When I was a kid, my two favorite movies were "Terms of Endearment" and "Chariots of Fire." I sympathized with the Jewish Harold Abrams as he ran fast in a society that shunned him for his religious background and his rather open ambition. But in my heart I knew I would never be an athlete, live in England, or hear the roar of an audience at my back at an Olympics.
There was one thing I was pretty certain that I wanted from life and that was motherhood. Maybe it was the incredible score or the way Winger and MacClaine fought but "Terms of Endearment" stayed with me as I grew up. It was one of the few movies I ever saw that portrayed the mother daughter bond as I knew it: painful, often loud, mostly at odds and yet with a deep longing for acceptance and love that ached in every single scene. It was a movie for girls and a movie for women.
While I am not from Texas and my mom was not a corseted blonde, the relationship I saw on screen was the one that would haunt me for many years as I thought slowly and carefully about becoming a mom. I wanted to be a parent but I was also afraid of motherhood. I was afraid that I would have a daughter and our relationship would be like that on the screen, a battleground in the middle of occasional moments of sheer joy. I was scared of losing myself in the process of becoming a parent.
It was one line in particular that I came kept coming to again and again. Debra Winger's character, a mother who is being mothered, in "Terms of Endearment" says this of parenthood:
"As hard as you think it is, you wind up wishing it were that easy."
As I would learn as I began my own journey into momhood, she's right of course. We all go into parenting knowing deep inside of our skin that it will be hard. Oh it all starts with a sense of giddiness as the stick turns the right color and most of us think about who we're going to tell, when we're going to tell, and how we'll decorate the nursery. In the first week or two, we all hold our breath and wait to see if sticks. I did not think it real until after I spent nearly a day's pay on pregnancy tests.
And then about a month later, the hard part began in earnest. Morning sickness hit me like a solid wave at the shove for several weeks, dragging me under and nearly draining my strength. Then came varicose veins, back aches, ankles that looked like loose balloons on a string, and the e-cup. Like so many women, I was lucky. The pregnancy ended with the hardest work in the world: the work of giving birth. A part of me though that the hard work of all this parenting thing was over.
In the months of sleeplessness that settled over me like a lace veil, I would learn the real truth of the matter: that the hard work was going to last a while. Over the years, I would battle all the little wars of parenthood, from potty training to sibling rivalry to managing work, motherhood, and a semi-clean house on five hours of sleep and three cups of coffee. I would think of that quote again and again, realizing the truth of it that I had known even then at 12. And yet, as true as the quote is, the real truth of motherhood lies somewhere beyond it.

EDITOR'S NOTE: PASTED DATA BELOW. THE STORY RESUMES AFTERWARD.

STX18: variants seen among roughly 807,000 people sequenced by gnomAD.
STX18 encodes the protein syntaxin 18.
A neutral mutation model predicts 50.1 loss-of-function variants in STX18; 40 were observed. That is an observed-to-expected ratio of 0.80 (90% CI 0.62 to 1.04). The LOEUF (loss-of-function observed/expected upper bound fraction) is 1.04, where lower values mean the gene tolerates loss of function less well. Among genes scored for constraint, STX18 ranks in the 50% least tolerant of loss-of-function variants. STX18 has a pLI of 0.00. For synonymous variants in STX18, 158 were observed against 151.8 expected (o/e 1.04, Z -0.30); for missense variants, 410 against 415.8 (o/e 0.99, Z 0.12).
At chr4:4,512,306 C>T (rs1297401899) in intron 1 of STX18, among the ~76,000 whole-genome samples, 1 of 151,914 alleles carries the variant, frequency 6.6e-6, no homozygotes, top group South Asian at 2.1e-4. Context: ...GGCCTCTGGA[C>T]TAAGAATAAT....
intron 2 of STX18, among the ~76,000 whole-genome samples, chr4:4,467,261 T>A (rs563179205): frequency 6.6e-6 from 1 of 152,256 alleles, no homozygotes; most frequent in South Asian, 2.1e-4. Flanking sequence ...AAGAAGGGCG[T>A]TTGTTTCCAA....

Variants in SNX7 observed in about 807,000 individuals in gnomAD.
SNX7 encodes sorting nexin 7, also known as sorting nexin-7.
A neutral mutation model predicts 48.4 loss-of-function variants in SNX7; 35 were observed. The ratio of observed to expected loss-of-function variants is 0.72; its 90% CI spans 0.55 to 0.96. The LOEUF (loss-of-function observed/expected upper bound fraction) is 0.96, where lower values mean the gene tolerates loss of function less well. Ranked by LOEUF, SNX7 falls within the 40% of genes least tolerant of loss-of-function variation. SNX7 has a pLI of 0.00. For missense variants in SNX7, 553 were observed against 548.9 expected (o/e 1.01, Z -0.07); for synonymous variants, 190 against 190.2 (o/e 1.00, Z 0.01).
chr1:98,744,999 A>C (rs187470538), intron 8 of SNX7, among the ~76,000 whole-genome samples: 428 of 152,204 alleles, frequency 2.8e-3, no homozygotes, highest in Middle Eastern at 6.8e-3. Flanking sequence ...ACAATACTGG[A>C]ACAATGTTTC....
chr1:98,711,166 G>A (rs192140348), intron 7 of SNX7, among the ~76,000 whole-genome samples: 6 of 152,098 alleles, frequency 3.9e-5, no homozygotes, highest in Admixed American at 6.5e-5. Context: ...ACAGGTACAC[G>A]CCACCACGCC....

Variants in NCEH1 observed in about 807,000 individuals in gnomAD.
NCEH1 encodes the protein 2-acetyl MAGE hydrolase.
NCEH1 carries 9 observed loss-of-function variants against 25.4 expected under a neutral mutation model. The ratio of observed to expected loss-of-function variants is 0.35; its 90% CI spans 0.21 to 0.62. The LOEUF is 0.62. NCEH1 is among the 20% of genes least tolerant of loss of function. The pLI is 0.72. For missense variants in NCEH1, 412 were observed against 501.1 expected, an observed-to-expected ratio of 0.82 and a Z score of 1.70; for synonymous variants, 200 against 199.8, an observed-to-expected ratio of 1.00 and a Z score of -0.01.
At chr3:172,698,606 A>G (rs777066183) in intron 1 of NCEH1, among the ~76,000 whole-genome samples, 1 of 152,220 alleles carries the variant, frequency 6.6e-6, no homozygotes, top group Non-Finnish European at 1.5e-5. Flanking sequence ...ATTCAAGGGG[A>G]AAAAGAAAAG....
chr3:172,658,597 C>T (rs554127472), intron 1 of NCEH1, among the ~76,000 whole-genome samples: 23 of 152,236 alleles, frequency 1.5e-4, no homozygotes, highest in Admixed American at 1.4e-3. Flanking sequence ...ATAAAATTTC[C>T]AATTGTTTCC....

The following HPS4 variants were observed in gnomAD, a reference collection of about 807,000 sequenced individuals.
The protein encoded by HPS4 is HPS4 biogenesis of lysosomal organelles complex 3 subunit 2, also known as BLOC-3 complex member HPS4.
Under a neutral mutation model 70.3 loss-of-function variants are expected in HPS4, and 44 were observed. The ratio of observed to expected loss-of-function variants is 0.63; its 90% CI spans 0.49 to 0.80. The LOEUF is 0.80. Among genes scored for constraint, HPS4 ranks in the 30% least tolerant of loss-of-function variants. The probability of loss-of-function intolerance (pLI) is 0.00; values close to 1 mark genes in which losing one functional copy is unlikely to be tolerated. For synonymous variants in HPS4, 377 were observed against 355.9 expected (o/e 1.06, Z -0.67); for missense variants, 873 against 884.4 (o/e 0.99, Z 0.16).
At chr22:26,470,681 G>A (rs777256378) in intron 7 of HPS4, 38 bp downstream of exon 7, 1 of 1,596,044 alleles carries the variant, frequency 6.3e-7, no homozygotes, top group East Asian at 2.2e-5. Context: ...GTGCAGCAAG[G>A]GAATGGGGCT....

It is hard, this experience we dub parenthood. But it's also easy too. It's easy in ways that do not become apparent until you're deeply in the middle of it as the movie ultimately demonstrates. You take a little tiny thing and you slowly mold it. You bring it along the long path is adulthood day by day, month by month, year by year and then watch as you have an actual person from a bassinet and something that once fit in the crook of your arm. It is maybe the world's most difficult accomplishment but it is also possibly the most rewarding. You give up parts of yourself in the process because you have no other choice. You cannot go back. There's a small dot in my back where they inserted the epi needle that aches when I turn a certain way. My feet are bigger and so are my ankles. My heart grew, too, so there's that.
My eldest child is 15. I remember thinking as I looked at her in the tiny crib next to me wrapped up in a blanket like a loaf of freshly baked bread that I cannot possibly do this at all let alone do it well. Yet, somehow here we are together a decade and a half later, our journey almost completed as she chases the enticing trail of womanhood in front of her and it was almost just that easy.
She sits next to me quietly letting me hold her hand and stroke her hair and look at her solemn and merry face. I whisper I love you again and again, 15 times and realize with each breath that the hard journey – the difficult and winding path – was the best one I ever took.
It takes a village!
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